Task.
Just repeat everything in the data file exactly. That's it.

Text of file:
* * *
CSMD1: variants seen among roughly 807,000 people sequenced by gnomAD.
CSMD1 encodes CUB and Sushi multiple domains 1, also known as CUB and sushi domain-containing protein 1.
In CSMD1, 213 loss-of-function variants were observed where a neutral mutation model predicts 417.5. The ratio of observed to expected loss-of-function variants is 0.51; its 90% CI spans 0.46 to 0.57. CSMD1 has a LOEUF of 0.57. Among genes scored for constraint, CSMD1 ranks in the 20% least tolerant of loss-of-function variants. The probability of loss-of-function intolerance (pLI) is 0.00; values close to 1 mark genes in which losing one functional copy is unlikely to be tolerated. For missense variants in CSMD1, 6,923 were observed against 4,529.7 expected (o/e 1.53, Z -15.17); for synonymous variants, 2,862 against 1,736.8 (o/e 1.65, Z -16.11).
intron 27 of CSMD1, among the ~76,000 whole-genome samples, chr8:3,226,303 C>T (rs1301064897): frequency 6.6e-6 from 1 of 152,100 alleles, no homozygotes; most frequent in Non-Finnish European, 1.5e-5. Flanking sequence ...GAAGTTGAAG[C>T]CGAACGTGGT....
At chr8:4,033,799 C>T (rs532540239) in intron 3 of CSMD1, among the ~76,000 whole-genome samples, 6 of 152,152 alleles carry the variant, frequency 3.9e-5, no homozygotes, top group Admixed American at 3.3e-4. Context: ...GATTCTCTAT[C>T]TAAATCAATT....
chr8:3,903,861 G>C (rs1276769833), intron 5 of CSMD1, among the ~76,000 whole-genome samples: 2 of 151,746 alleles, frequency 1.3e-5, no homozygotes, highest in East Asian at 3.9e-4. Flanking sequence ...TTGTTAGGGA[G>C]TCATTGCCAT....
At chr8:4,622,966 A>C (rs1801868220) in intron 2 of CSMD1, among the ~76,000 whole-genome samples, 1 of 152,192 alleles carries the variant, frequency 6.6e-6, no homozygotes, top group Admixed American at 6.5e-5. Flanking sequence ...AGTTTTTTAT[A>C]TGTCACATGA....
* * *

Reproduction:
CSMD1: variants seen among roughly 807,000 people sequenced by gnomAD.
CSMD1 encodes CUB and Sushi multiple domains 1, also known as CUB and sushi domain-containing protein 1.
In CSMD1, 213 loss-of-function variants were observed where a neutral mutation model predicts 417.5. The ratio of observed to expected loss-of-function variants is 0.51; its 90% CI spans 0.46 to 0.57. CSMD1 has a LOEUF of 0.57. Among genes scored for constraint, CSMD1 ranks in the 20% least tolerant of loss-of-function variants. The probability of loss-of-function intolerance (pLI) is 0.00; values close to 1 mark genes in which losing one functional copy is unlikely to be tolerated. For missense variants in CSMD1, 6,923 were observed against 4,529.7 expected (o/e 1.53, Z -15.17); for synonymous variants, 2,862 against 1,736.8 (o/e 1.65, Z -16.11).
intron 27 of CSMD1, among the ~76,000 whole-genome samples, chr8:3,226,303 C>T (rs1301064897): frequency 6.6e-6 from 1 of 152,100 alleles, no homozygotes; most frequent in Non-Finnish European, 1.5e-5. Flanking sequence ...GAAGTTGAAG[C>T]CGAACGTGGT....
At chr8:4,033,799 C>T (rs532540239) in intron 3 of CSMD1, among the ~76,000 whole-genome samples, 6 of 152,152 alleles carry the variant, frequency 3.9e-5, no homozygotes, top group Admixed American at 3.3e-4. Context: ...GATTCTCTAT[C>T]TAAATCAATT....
chr8:3,903,861 G>C (rs1276769833), intron 5 of CSMD1, among the ~76,000 whole-genome samples: 2 of 151,746 alleles, frequency 1.3e-5, no homozygotes, highest in East Asian at 3.9e-4. Flanking sequence ...TTGTTAGGGA[G>C]TCATTGCCAT....
At chr8:4,622,966 A>C (rs1801868220) in intron 2 of CSMD1, among the ~76,000 whole-genome samples, 1 of 152,192 alleles carries the variant, frequency 6.6e-6, no homozygotes, top group Admixed American at 6.5e-5. Flanking sequence ...AGTTTTTTAT[A>C]TGTCACATGA....